Finding the best fit for Lynch is relatively easy, but he has a major buyer-beware sticker on his projection. Taking Lynch in the top half of the first round sets a high expectation that he will be a franchise quarterback at some point in his rookie contract. While he may get there, don’t expect that climb to come until the latter part of a five-year deal.

Comparing Lynch to recent prospects, he falls between Ryan Tannehill and Brock Osweiler. Tannehill and Lynch both excel on short and intermediate passes, and they use their mobility. But Tannehill improved quickly despite limited experience in college, and he seems to be, at worst, an average NFL quarterback. Osweiler has struggled when he’s played, but he needs more time to prove whether or not he can develop.

The top-10 hype on Lynch is simply too much. Dallas, with the No. 4 pick, is the only team drafting that high that should even consider him. The Cowboys offer a rare situation in which Lynch can develop. But it might be wiser to draft Goff, who is clearly the better quarterback prospect.

Lynch has franchise quarterback potential, but it’ll take a few years. If he’s afforded the time, he can greatly reward an organization. But the growing pains he will have may resemble those from his collegiate experience, which quickly peaked once things started clicking.

 

All stats used are from sports-reference.com.

Ian Wharton is an NFL Featured Columnist for Bleacher Report.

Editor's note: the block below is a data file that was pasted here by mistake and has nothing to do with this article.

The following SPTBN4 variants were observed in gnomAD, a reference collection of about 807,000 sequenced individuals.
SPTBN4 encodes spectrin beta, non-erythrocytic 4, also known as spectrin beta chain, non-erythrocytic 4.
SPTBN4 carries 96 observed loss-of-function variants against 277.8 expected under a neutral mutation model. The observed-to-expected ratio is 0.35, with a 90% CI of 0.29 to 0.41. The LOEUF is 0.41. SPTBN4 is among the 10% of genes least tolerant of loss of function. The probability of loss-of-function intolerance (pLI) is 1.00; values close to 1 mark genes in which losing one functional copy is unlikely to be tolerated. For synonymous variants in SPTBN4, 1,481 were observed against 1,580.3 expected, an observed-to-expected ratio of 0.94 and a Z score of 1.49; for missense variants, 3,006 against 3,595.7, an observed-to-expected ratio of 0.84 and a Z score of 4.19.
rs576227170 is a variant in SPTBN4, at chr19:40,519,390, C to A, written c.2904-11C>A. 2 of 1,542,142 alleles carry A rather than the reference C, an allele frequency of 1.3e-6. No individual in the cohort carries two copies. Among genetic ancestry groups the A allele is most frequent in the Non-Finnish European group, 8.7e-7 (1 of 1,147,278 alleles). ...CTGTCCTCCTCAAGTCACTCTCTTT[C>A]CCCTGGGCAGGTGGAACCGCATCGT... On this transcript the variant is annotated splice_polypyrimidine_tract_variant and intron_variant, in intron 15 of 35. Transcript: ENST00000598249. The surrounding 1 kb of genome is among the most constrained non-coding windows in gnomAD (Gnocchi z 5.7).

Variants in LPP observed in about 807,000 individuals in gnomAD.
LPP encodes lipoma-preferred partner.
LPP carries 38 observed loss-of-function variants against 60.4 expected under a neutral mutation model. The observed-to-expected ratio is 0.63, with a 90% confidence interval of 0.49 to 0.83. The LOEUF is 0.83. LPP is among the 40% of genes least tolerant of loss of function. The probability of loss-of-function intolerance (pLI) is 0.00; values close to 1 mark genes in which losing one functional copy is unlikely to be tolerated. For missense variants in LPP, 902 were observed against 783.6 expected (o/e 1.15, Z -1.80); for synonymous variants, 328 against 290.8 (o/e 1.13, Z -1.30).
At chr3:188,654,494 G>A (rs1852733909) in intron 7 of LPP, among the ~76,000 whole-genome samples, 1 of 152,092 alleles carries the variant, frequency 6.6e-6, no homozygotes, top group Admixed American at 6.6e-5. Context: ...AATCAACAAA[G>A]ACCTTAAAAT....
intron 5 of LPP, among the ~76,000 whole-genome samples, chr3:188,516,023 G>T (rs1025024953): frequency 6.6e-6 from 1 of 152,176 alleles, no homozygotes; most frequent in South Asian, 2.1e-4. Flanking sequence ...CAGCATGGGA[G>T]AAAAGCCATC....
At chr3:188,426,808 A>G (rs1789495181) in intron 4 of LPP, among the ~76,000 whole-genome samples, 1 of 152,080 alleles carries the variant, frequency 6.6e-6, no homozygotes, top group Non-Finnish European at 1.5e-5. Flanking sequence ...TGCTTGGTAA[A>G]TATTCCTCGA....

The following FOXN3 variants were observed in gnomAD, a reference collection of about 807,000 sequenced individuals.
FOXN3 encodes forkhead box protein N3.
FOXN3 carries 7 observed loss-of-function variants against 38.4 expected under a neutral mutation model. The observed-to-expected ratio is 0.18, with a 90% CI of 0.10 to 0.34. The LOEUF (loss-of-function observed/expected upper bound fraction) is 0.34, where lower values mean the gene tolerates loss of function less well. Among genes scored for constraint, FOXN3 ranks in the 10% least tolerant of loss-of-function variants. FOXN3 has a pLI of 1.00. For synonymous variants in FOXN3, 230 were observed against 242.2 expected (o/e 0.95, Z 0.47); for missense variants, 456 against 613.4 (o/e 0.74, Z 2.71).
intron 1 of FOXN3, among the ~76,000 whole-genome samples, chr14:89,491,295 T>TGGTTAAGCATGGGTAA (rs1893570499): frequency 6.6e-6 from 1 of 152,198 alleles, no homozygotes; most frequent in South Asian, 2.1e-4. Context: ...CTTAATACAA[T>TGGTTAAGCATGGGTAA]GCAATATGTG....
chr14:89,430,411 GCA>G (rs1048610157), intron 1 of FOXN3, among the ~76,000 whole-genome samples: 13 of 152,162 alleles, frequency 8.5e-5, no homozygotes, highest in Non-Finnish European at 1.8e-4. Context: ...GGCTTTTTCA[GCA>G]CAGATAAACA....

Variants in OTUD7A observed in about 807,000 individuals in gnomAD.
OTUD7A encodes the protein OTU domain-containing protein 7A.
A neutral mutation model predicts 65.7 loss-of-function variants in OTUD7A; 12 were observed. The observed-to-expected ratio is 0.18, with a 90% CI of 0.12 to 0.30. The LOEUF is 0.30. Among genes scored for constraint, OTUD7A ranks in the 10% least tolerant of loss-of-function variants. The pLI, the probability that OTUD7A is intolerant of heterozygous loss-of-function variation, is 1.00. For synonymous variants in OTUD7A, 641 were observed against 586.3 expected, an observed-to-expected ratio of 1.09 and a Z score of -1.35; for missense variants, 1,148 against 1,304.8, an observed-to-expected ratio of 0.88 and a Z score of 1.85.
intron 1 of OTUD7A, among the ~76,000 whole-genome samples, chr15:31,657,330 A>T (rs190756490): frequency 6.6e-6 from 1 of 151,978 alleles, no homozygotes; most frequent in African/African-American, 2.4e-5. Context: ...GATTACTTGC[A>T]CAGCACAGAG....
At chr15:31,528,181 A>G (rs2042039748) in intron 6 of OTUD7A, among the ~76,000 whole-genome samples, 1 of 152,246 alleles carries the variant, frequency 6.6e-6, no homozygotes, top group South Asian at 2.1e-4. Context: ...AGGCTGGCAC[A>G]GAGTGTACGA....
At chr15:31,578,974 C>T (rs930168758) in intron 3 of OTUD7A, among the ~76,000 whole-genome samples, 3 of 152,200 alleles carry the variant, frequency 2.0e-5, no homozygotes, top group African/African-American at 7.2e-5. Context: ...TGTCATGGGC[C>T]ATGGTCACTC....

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USC Responds to Steve Sarkisian's Wrongful-Termination Lawsuit

The USC Trojans filed a response to former head football coach Steve Sarkisian's wrongful-termination lawsuit in Los Angeles Superior Court on Jan. 6, according to ESPN.com's Kyle Bonagura

Sarkisian is reportedly seeking $30 million after USC fired him despite having prior knowledge of his alcoholism, but the school's official response characterized the former head coach's claims as "half-truths and, in many cases, outright falsehoods," per Bonagura.

The response proceeds as follows, based on documents that ESPN.com obtained: 

It is absolutely false that Sarkisian ever admitted to having a drinking problem, to being an alcoholic or to needing to seek treatment. The truth is he denied ever having a drinking problem, but blamed his inability to perform the essential functions of his job on marital stress, lack of sleep and anxiety for which he was taking medication.

Sarkisian was fired in mid-October after the school asked him to take an indefinite leave of absence. At the time, athletic director Pat Haden told reporters it was "clear to me that he was not healthy," per ESPN.com

Shortly before the school fired Sarkisian, an unnamed USC player told ESPN.com that Sarkisian "showed up lit to meetings again today," while another source said the coach "appeared not normal" when he arrived for a practice. 

While Sarkisian—who is now sober, according to the lawsuit—is seeking a hefty sum, Bonagura reported the school is disputing the $30 million figure since the two sides agreed to settle terminations through an arbitration process when he signed his contract in 2013. 

Although the two sides are engaged in a legal battle, Sarkisian appears focused on making a return to the sidelines. According to ESPN's Adam Schefter, Sarkisian has done some exploratory work regarding possible employment as a quarterbacks coach or offensive coordinator in the NFL. 

With a resume that includes a stint as the Oakland Raiders' quarterbacks coach, Sarkisian is a compelling—and risky—candidate for teams that are piecing together fresh staffs for the 2016 season.